Hivos launches new LGBT+ projects in Latin America

November 19, 2019

Hivos is proud to announce two new LGBT+ projects in Latin America. Both projects will contribute to strengthening the LGBT+ community. One will be implemented in Guatemala and was made possible by the Swedish Embassy. It aims to educate LGBT+ youth about their rights. The other project, funded by the Dutch Embassy, will change the narrative about LGBT+ people in five Central American countries. We sincerely thank both embassies for joining us on our mission to achieve diverse and inclusive societies.

A diverse and inclusive Guatemala

Guate Diversa e Inclusiva (Guatemala, Diverse and Inclusive), as the first project is called, is a four-year effort to ensure that the legal and social needs of the LGBT+ community in Guatemala are met. The project specifically targets youth by increasing adolescents’ understanding of their social, economic and sexual rights.

Hivos launches new LGBT+ projects

While the protection of all human rights is enshrined in a clear and extensive international legal framework, LGBT+ people in Guatemala face many challenges preventing them from fully enjoying these rights. Last year, we witnessed worrying developments in Guatemala that threaten the LGBT+ community even more.

On the one hand, there are structural factors like the predominant patriarchal culture that lead to discriminatory and violent practices. The volatile political context, on the other hand, increases the influence of conservative neo-Pentecostal churches. This means the LGBT+ community is confronted on all sides by a culture of homophobia, biphobia, lesbophobia and transphobia.

To counter this, Hivos is joining forces with eight Guatemalan civil society organizations. These include LGBT+ groups and youth-led organizations specialized in promoting and defending sexual and reproductive health rights, and organizations with experience in reaching out to young children. Together we will work towards a diverse and inclusive Guatemala.

Guate Diversa e Inclusiva is funded for four years and will be implemented by Hivos’ office in Guatemala.

Changing narratives

Last week also saw the launch of a new regional project funded by the Dutch Embassy in Costa Rica. This project aims to change the narrative about LGBT+ people in five Central American countries.

We believe increasing respect for and inclusion of the LGBT+ community often starts with access to information. That’s why this project will improve data collection to support unbiased (news) reporting and optimize lobby efforts. Data, for instance, that allow us to monitor compliance with anti-discrimination laws.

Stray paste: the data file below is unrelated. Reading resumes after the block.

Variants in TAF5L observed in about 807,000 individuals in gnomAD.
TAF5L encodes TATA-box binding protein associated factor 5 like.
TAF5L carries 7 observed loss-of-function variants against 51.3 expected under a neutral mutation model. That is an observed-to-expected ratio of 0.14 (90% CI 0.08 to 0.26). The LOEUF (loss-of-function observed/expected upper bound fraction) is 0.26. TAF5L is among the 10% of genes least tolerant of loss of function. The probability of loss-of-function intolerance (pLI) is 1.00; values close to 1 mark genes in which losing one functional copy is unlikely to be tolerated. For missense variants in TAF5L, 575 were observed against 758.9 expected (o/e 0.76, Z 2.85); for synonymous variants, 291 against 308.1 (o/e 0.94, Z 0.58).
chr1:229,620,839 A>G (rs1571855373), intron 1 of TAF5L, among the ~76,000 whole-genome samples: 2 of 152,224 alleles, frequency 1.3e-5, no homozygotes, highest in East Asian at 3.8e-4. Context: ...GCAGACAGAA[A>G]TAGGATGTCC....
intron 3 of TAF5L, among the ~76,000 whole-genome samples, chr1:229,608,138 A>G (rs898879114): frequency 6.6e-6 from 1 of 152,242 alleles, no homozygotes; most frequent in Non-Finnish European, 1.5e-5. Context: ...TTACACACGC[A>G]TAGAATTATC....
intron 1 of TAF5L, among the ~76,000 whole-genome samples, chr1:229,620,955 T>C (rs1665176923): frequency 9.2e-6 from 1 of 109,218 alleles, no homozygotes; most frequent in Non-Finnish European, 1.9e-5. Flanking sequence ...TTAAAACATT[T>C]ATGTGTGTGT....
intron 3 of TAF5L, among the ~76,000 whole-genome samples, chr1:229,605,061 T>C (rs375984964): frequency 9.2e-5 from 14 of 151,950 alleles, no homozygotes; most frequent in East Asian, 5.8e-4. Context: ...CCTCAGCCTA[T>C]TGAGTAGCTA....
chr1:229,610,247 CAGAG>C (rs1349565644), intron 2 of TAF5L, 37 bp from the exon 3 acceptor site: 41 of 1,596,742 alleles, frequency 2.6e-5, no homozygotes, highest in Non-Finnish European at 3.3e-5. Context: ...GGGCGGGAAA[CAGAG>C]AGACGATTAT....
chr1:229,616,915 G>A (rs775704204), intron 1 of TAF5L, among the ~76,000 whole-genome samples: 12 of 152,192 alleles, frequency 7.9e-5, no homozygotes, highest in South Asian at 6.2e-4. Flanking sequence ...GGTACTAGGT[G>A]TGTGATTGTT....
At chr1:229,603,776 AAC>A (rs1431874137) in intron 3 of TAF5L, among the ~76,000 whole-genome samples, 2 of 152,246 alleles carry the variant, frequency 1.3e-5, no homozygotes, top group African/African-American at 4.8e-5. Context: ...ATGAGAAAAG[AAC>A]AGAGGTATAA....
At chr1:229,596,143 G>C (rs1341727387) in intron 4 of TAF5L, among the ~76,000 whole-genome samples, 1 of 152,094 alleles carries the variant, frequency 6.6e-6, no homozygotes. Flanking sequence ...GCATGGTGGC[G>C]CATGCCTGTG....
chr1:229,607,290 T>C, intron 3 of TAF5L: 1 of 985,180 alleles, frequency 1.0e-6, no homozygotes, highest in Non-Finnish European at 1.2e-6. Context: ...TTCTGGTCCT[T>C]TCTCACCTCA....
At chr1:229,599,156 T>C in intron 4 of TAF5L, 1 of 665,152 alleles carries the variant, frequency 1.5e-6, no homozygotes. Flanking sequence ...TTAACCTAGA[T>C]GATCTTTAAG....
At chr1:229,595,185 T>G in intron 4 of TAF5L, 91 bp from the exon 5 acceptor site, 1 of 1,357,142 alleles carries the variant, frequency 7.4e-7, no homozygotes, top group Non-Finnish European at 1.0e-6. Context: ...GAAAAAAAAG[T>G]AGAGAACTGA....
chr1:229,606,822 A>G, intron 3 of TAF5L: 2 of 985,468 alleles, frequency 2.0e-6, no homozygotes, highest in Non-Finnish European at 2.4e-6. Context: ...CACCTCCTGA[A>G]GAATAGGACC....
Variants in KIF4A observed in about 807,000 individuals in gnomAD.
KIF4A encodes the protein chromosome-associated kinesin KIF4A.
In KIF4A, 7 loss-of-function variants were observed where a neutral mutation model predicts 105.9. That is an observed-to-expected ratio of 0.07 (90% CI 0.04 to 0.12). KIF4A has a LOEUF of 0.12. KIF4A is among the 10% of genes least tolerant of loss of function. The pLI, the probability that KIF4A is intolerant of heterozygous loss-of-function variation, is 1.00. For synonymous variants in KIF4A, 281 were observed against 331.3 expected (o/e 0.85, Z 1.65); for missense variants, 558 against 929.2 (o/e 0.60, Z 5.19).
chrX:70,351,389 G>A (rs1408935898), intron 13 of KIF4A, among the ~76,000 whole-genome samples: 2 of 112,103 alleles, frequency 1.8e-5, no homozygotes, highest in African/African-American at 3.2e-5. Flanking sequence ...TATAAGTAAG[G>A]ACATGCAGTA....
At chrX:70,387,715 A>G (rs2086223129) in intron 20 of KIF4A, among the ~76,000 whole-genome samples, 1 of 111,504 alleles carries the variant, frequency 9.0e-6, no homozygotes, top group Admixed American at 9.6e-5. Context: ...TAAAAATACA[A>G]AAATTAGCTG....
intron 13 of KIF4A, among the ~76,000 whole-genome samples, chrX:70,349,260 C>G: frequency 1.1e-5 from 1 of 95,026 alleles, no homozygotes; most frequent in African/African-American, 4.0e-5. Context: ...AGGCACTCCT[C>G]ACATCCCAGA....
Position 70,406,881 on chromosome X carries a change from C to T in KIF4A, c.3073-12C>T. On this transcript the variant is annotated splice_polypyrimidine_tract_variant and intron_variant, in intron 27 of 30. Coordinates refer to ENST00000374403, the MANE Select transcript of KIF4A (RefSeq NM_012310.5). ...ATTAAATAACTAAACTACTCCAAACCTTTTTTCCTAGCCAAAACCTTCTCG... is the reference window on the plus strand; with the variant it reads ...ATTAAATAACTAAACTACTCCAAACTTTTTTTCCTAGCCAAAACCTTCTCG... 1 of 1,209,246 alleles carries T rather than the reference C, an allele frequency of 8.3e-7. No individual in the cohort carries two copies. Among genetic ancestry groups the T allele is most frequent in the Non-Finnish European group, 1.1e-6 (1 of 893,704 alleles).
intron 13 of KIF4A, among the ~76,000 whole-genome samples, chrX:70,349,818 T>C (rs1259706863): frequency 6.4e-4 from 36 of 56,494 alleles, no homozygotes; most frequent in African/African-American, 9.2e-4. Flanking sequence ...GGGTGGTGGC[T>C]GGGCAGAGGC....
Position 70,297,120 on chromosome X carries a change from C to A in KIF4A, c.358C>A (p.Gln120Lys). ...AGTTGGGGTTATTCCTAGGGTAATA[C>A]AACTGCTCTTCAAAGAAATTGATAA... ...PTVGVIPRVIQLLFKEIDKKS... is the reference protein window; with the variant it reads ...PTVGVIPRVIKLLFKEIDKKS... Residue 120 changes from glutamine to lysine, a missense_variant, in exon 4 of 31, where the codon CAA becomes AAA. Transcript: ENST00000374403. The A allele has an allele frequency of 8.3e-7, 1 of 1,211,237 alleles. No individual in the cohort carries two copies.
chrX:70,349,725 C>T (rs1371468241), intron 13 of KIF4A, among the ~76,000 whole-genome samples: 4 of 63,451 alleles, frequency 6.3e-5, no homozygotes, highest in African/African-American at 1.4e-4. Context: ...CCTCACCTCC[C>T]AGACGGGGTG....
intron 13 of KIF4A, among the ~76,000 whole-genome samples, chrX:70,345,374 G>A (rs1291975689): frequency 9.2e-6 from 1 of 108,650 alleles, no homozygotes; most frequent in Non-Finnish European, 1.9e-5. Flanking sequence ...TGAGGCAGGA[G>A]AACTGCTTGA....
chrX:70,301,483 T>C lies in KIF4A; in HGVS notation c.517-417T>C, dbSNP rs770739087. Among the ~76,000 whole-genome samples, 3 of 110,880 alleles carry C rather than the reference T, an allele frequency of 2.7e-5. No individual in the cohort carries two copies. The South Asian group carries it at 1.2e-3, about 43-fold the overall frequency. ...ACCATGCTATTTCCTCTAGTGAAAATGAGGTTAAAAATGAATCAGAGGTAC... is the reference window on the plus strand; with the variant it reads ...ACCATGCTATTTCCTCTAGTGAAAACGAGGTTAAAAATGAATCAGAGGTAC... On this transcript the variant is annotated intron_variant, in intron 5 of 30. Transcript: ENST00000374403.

Finding allies

We are eager to start work on these important project. For Hivos, diversity is the beauty of human kind. Who you love, what your gender identity is, and how you express this are all essential parts of you. This should be reason for pride, and certainly not a reason to hate. Throughout the world, we forge a critical mass of allies that opposes discrimination and works for the inclusion of all of us. Read more about our approach.

About the launch event

Carmen Quintela, a journalist at Agencia Ocote, moderated a discussion about the challenges facing girls’ and adolescents’ sexual and reproductive rights in Guatemala. The human rights context of the LGBT+ community in Central America was also addressed. The speakers were: Sebastian Cabrera and Magdalena Baltazar from OSAR; Gabriel Duarte, Visibles; Gaby Castillo, ODASA and Luis Salazar, Presidential Commissioner for LGBT+ Affairs of Costa Rica.

Photo: Cesar Chajon

Ambassadors Peter Derrek Hof (the Netherlands) and Anders Kompass (Sweden) exchanged ideas and discussed expected challenges to both projects with partners, the Hivos team and strategic allies.

During the launch, an art installation called “Reflejos” (Reflections) projected data on teenage pregnancies and rights violations against the LGBT+ community onto mirrors. The objective was to raise awareness about the need to change the reality reflected in the mirrors.

Reflejos projects data on rights violations against the LGBT+ community onto mirrors.
Photo: Cesar Chajon